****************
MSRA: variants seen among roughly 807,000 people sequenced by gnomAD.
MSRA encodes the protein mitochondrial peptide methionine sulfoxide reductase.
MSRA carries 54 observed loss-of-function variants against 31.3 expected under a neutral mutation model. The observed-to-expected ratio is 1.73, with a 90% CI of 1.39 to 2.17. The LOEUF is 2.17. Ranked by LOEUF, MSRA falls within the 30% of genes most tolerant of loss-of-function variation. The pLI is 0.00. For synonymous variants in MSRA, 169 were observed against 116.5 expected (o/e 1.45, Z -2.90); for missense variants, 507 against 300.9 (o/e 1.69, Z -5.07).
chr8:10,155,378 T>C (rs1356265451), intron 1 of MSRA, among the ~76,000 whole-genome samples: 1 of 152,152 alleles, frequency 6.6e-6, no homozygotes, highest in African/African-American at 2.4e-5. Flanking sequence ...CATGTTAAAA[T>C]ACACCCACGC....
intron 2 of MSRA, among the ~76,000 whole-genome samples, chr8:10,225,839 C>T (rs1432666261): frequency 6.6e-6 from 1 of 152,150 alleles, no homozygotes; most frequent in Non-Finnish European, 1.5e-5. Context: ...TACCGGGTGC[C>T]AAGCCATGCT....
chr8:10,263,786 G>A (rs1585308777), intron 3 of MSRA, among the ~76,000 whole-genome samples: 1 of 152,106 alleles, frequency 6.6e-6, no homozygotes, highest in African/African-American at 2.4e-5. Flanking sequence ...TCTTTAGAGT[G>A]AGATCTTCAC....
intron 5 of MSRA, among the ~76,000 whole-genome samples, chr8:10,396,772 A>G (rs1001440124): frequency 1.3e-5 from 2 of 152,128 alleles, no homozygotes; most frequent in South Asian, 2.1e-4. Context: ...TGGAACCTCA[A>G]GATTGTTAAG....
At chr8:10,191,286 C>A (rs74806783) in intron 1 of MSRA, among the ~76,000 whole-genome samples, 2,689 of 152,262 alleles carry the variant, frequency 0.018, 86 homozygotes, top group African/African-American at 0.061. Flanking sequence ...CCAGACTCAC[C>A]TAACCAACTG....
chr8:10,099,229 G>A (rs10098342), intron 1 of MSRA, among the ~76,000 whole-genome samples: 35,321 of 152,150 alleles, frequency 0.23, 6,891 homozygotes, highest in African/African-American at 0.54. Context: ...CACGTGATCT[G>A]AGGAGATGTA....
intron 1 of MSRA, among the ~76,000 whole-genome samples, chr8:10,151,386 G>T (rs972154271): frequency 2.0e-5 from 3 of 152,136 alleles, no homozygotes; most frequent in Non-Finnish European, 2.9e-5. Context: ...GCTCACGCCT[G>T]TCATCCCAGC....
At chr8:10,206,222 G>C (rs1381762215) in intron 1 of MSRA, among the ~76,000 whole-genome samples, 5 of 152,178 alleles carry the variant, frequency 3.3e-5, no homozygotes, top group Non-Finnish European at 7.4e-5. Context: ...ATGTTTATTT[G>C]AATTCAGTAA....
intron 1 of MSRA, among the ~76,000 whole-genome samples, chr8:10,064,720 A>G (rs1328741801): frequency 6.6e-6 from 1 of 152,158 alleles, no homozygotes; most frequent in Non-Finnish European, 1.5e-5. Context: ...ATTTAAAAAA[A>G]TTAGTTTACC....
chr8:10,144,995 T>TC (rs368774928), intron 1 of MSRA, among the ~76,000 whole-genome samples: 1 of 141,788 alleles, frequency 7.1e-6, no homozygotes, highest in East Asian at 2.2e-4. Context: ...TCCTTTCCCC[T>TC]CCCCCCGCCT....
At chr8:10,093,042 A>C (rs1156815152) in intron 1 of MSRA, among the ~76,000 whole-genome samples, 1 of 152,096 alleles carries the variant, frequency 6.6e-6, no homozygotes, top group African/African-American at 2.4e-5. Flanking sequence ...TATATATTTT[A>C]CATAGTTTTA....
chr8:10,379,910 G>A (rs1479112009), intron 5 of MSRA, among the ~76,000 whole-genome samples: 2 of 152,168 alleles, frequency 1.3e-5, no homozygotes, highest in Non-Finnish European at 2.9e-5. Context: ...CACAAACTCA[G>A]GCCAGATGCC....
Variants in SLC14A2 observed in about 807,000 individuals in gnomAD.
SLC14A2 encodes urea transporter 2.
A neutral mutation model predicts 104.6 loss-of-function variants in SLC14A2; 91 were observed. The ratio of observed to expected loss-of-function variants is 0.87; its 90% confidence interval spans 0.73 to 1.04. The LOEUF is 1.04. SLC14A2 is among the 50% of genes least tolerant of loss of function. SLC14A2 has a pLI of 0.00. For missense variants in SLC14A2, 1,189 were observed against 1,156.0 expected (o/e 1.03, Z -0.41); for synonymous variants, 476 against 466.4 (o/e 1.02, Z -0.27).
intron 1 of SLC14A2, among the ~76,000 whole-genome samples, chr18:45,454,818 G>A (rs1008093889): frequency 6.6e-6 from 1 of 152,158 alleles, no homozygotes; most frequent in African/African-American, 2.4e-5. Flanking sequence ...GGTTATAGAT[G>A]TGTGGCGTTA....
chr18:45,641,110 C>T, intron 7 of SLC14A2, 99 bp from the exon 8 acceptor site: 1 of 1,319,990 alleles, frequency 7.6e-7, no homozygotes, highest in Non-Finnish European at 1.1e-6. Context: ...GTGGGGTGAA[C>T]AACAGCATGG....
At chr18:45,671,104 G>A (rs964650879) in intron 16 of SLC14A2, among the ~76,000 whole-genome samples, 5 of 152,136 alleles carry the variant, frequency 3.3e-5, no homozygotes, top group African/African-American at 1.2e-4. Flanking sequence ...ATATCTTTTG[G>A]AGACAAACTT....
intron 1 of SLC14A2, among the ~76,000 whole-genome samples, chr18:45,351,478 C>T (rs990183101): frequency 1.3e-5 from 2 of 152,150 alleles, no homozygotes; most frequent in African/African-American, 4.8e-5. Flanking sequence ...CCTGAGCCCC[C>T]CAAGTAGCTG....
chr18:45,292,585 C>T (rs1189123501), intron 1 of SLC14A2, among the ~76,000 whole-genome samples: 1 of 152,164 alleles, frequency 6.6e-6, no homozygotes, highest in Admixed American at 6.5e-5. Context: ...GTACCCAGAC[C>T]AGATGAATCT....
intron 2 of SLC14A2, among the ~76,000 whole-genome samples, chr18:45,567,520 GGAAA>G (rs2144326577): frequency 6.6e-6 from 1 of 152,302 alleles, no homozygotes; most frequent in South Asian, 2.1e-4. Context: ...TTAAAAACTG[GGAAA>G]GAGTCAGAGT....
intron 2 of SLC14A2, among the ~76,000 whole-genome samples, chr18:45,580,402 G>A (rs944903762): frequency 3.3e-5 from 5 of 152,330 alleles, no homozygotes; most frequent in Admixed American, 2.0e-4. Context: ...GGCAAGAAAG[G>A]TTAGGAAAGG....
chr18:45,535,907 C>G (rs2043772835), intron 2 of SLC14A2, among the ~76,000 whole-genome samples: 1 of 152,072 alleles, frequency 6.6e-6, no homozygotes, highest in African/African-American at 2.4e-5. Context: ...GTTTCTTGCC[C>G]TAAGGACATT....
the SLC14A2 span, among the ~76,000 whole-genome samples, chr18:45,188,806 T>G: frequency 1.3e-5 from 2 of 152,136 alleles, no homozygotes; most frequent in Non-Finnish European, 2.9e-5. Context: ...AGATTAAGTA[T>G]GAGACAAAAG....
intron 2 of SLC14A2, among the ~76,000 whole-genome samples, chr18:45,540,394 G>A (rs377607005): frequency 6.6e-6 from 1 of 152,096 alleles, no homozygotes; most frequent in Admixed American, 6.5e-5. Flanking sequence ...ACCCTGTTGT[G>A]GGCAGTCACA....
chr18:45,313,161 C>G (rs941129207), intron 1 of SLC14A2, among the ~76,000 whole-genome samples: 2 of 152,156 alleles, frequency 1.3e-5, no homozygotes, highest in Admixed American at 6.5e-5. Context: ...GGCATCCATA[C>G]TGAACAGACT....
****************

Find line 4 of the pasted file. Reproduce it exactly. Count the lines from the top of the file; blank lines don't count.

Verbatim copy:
chr8:10,155,378 T>C (rs1356265451), intron 1 of MSRA, among the ~76,000 whole-genome samples: 1 of 152,152 alleles, frequency 6.6e-6, no homozygotes, highest in African/African-American at 2.4e-5. Flanking sequence ...CATGTTAAAA[T>C]ACACCCACGC....